Having a business loan or some form of outside capital might make it easier to run your new company in the beginning – until you have to pay those funds back – but having a business loan is not really necessary to start a new company or to succeed in business.

There are many ways around having to seek a business loan – a few we outlined here.

Just think about the hundreds of thousands of businesses that get started every year all over the world – since the beginning of time – and how they were able to find ways to get their companies up, running and on a solid path to success – all without business loans.

If they can do it, so can you – you just have to be willing to try and find ways, your own unique ways, to make it all happen.

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Do I Franchise My Business or Remain Status Quo

Many start up entrepreneurs reach a stage when people ask if they can franchise their business to others. In fact a great number who approached me have only been in business for an average of 3 months. They were eager, as there have been a number of queries from customers. Meantime, there are also some who start a business, and nurture the dream of attracting the giant conglomerates-as what happened to many acquisitions of local brands started by young entrepreneurs. From my side, I am fortunate to have assisted five (5) clients who were approached and eventually bought by big companies either on 100% or 70% basis.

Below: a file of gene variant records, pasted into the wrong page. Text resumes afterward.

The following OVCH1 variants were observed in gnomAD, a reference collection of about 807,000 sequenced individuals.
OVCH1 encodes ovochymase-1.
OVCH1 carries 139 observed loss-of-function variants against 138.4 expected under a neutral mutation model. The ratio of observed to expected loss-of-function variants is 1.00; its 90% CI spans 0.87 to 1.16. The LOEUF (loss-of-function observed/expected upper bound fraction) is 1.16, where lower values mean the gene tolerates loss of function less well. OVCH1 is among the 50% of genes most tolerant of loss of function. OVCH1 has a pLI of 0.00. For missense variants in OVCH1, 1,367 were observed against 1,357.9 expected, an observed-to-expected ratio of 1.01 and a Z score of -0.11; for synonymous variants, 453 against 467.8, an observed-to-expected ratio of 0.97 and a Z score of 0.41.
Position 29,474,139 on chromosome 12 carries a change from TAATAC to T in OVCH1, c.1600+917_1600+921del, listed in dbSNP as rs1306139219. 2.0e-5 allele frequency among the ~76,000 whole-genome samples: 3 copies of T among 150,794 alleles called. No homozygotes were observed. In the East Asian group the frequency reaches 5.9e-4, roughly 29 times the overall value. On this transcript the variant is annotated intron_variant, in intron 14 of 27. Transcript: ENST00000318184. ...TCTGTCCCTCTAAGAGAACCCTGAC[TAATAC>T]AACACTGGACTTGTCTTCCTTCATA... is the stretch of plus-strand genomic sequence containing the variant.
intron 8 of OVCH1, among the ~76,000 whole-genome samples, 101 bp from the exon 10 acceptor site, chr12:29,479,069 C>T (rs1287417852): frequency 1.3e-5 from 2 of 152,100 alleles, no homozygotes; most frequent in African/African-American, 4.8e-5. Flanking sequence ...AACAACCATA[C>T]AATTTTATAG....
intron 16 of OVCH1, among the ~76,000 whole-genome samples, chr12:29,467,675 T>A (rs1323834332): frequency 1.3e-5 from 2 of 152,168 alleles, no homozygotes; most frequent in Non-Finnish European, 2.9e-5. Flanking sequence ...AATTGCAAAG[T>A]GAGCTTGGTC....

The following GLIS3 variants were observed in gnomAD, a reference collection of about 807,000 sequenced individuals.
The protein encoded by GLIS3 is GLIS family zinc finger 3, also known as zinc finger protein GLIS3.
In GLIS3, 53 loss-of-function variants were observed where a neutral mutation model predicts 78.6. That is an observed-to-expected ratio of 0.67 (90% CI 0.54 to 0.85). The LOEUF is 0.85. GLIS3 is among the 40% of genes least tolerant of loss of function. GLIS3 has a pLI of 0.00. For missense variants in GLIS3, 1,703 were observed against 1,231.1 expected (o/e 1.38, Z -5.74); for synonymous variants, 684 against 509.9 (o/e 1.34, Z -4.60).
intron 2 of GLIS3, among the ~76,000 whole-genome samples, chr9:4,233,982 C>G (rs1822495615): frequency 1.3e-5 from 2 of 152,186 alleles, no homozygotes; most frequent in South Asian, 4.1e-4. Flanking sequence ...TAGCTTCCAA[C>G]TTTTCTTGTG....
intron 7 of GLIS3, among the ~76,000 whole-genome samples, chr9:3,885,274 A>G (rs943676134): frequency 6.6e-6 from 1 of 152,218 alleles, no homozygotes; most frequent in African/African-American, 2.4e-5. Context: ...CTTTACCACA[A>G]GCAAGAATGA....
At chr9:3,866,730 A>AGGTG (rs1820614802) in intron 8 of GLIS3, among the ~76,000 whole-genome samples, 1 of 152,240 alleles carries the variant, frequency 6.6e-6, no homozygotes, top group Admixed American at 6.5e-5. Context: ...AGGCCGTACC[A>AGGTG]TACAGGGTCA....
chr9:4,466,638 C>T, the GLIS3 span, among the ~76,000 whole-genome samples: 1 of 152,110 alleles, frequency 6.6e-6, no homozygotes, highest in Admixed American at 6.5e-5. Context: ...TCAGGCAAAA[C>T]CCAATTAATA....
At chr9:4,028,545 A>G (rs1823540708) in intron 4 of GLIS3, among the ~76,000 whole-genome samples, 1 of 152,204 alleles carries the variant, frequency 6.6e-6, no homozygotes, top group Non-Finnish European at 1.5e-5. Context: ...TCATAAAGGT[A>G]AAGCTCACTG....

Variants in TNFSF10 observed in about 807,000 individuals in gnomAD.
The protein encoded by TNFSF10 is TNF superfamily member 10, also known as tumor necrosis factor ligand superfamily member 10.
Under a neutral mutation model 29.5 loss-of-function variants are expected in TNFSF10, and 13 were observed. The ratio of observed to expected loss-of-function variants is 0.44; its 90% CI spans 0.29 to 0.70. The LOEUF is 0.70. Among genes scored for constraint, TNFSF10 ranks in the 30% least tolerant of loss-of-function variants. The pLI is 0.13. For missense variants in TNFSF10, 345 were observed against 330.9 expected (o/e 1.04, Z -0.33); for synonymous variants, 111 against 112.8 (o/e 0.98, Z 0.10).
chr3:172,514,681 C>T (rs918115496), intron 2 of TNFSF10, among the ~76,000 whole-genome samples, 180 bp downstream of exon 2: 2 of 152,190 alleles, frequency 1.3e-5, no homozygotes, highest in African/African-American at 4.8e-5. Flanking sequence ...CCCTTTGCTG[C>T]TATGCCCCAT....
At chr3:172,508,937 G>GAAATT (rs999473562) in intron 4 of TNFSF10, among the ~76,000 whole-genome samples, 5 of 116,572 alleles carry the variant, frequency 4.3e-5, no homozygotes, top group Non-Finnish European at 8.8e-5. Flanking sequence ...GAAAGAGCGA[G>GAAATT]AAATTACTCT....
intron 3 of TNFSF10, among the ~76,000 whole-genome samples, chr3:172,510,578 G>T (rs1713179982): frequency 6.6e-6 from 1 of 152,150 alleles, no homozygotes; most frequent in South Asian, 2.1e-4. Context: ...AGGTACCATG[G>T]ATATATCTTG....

Still, there are those start ups that simply want to pursue their passion in cooking, or in baking without thinking of expansion. And of course, everyone is enamored with the restaurant business as it is “sexy” to have one. A lot of restaurants barely make their rent and operating expenses, but owners usually keep these businesses for the bragging rights.

When do we decide if we should franchise our business?

A good friend of ours started the green trend in cafes and now she sees more people copying her pandesal “meatless” burger, copying her fresh fruit juices and even the colors of her store. Should she be flattered or should she be irritated? She asked me what she should do. In fact she didn’t know what to do as openly there are customers who would take snap shots of the products, the store lay out and the color schemes. There was a day she arrived at the store only to find several people having a meeting and taking some measurements of the place! She introduced herself as the owner and inquired why they were doing such activity right inside her store? One of the ladies in the group explained that they want to bring the concept to the United States!

Upon learning of these incidents, I told her: “you better think of franchising!” “But I only wanted one store, ” she says. Sorry, Madam, if all you want is one store, you cannot help but see competition copying you in no time. You see once a business is opened to the public, no matter what location if the food and concept are good, word will spread and soon copycats will be hounding the place. That only means she is doing well, doing good and looking well, too. If not, who would copy a sad-looking business?